I asked Husam if Alaa knew who the woman who screamed at Dorothy Marston, and he said that his son had never met her before. He also said he and Marston’s son, Davis, have sat down, and he hopes to have the opportunity to apologize to the elderly woman in person. “I pray it will happen. And when I say pray, I usually look at a beautiful thing and make a wish. Usually, this beautiful thing is my wife.”

On freedom of speech, Husam agreed it was a fundamentally Canadian value, even going to far as to believe people had a right to be upset over how Dorothy Marston was prevented from safely entering Mohawk College.

“She is a lovely senior lady and my son blocked her way. Wearing a scary mask is not something we should accept. It is legal but immoral.”

When the conversation shifted to antifa, Husam believed they might have good goals, but the wrong methods.

“I don’t know much about them, but I will say this … Even if their intentions are to serve and protect marginalized communities, they are going about them the wrong way.” He suggested to his son that they should be giving out flyers and handing out flowers to people. Peaceful methods to win over the hearts of people, not “shouting and wearing masks.”

Husam says his decision to close the restaurant was hasty, but only in hopes of diffusing the situation. In doing so, he found himself stuck in the middle of an even worse situation.

“I thought I would give a victory to angry people, and the threats would stop coming. I was wrong.” He says, “But then people on ‘the other side’ told me I was giving up hope for newcomers. I was in the middle. I was on no one’s side!”

Currently, Soufi’s is being managed by Paramount Foods while Husam and his wife care for Alaa and their own health. Husam noted he is unsure of when he will return to his restaurant, feeling unconvinced reopening was the right decision to begin with.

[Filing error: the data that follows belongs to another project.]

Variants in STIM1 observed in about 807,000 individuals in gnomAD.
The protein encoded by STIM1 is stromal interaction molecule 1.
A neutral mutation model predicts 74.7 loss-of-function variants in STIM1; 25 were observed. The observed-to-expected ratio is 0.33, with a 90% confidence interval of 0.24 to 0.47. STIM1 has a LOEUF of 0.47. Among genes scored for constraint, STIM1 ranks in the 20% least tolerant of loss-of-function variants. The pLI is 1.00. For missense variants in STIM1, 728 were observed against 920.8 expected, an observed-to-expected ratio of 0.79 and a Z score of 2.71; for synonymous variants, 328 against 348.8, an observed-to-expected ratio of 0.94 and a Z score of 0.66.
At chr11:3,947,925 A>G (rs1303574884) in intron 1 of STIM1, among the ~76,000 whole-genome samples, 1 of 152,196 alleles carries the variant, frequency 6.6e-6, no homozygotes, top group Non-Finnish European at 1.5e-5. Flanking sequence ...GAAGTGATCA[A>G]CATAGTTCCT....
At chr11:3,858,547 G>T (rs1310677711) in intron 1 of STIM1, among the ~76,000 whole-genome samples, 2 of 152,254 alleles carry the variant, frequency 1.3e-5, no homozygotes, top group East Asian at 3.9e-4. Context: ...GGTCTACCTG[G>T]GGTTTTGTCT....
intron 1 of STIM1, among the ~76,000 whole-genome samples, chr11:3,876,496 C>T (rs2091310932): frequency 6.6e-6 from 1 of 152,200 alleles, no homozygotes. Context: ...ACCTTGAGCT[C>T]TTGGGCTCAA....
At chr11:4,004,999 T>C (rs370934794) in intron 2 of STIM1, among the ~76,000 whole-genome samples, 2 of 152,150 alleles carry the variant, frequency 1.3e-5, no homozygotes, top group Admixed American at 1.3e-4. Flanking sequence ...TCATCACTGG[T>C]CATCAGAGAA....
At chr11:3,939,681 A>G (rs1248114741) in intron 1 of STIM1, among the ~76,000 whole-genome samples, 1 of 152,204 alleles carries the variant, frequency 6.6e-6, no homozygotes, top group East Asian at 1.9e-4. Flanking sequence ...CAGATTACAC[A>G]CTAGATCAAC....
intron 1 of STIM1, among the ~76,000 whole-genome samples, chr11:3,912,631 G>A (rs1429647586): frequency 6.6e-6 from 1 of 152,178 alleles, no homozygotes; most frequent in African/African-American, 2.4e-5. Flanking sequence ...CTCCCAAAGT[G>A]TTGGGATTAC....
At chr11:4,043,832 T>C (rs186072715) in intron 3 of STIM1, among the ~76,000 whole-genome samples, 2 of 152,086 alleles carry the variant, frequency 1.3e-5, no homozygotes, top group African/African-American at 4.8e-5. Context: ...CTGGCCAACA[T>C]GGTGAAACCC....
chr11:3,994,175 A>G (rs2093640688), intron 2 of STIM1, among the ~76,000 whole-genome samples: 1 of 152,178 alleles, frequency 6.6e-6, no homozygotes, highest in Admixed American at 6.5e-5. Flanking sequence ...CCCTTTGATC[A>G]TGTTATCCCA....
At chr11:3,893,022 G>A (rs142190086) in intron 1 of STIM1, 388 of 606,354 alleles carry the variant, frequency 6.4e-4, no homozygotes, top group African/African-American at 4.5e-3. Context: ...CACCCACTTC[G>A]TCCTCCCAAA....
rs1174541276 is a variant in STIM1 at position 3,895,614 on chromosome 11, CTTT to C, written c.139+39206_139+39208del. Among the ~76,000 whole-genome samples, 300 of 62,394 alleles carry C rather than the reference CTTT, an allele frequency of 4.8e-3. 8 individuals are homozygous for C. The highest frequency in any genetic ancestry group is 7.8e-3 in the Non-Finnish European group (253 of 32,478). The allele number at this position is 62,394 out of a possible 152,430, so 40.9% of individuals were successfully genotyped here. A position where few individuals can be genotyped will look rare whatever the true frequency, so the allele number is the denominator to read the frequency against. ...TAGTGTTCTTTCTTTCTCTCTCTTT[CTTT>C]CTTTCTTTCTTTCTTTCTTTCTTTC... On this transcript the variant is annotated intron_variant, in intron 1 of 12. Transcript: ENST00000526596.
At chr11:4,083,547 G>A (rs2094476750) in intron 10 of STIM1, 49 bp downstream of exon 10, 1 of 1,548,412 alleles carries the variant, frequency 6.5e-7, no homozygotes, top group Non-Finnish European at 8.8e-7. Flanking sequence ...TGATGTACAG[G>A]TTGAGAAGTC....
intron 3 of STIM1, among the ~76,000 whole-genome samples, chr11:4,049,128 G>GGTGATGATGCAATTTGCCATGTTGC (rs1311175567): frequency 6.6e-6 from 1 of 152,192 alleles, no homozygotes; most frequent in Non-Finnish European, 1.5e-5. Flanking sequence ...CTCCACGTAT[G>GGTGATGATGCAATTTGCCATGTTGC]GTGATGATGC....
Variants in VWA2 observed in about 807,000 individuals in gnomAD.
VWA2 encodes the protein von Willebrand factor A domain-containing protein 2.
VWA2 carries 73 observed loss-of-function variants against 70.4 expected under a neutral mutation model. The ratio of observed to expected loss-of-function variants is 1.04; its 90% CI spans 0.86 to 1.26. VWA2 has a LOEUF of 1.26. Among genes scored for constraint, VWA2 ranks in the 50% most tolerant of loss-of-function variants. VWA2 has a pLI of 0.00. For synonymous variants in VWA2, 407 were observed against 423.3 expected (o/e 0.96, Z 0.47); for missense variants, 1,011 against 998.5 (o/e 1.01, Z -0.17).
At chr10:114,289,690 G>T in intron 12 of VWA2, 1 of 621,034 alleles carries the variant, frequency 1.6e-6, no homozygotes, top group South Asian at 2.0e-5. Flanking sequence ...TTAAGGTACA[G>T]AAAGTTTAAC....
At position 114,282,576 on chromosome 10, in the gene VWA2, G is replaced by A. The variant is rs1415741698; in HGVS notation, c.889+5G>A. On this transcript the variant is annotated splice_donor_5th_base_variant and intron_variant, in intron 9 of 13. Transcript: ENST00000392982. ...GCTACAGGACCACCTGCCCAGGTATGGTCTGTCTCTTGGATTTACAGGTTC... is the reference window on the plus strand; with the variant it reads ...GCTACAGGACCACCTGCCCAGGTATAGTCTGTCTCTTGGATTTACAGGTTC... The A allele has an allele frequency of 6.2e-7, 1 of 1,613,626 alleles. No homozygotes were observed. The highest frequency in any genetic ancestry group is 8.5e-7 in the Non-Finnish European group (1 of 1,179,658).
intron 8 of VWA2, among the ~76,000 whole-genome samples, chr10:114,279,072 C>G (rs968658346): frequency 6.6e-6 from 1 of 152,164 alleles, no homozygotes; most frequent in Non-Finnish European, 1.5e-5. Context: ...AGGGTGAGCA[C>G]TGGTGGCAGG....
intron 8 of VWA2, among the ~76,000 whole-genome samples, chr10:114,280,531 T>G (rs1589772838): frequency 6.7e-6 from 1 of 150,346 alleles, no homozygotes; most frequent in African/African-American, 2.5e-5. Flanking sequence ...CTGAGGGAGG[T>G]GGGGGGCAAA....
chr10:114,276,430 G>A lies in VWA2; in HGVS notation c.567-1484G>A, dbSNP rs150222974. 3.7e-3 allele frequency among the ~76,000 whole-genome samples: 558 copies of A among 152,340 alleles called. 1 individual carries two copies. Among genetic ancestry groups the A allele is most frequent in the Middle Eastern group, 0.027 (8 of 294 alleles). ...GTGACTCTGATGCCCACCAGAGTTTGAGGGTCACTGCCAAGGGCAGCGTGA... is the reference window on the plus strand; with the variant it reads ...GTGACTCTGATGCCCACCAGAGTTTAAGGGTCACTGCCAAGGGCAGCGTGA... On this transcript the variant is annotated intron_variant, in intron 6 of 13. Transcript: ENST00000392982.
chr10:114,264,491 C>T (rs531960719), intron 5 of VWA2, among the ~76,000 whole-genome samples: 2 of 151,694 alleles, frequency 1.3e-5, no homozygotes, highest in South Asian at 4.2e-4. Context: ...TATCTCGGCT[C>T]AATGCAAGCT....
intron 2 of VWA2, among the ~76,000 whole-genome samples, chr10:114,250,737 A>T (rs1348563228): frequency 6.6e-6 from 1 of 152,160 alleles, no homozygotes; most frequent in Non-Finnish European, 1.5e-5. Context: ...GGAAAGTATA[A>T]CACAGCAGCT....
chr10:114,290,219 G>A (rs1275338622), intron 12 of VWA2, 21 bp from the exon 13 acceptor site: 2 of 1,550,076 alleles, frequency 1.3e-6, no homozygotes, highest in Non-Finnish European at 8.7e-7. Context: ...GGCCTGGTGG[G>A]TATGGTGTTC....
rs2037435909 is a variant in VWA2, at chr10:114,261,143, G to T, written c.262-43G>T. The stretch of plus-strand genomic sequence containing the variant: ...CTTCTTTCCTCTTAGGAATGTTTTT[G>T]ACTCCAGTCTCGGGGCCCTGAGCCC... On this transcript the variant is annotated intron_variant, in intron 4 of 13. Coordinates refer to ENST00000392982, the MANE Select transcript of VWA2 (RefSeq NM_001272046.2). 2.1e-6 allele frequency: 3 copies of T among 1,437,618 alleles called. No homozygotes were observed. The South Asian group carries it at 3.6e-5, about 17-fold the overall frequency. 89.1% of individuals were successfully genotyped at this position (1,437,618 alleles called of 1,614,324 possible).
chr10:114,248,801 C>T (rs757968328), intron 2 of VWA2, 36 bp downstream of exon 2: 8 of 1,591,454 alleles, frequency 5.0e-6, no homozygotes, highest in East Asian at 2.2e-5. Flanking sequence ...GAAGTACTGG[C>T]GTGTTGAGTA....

“When I closed the restaurant my decision was final, but I was under so much pressure from a lot of people,” Husam says, “I felt like I didn’t want to be the one to discourage new immigrants or refugees.”

Husam says he never intended for notoriety, or to become a symbol of anything, least of all resistance towards some racist bogeyman. Through and through, he demonstrated he was a simple man who only sought to run a quaint Syrian restaurant in his new country—a country he came to as an investor immigrant, mind, not a refugee as many had wrongly claimed. The stress this situation has brought seems to have genuinely taken its toll on him.

“Canada is my home until I die,” Husam says, noting that he loves and admires Canadian values. A civil engineer, Husam says he has much larger projects he is able to pursue, but his Soufi’s was his ‘baby,’ and he had been floored by its success. “My restaurant introduced me to Canadian people. [It was] a place where we could talk and laugh. We felt at home after this restaurant. We knew people of all ethnicities, religions, and cultures.”

When I asked him if he had any final words for the article, he reiterated a sentiment he had repeated many times throughout our conversation, once before he said he forgave everyone who had said something cruel or threatening towards his family, and once more when he was reflecting on antifa:

“Love is our only hope!”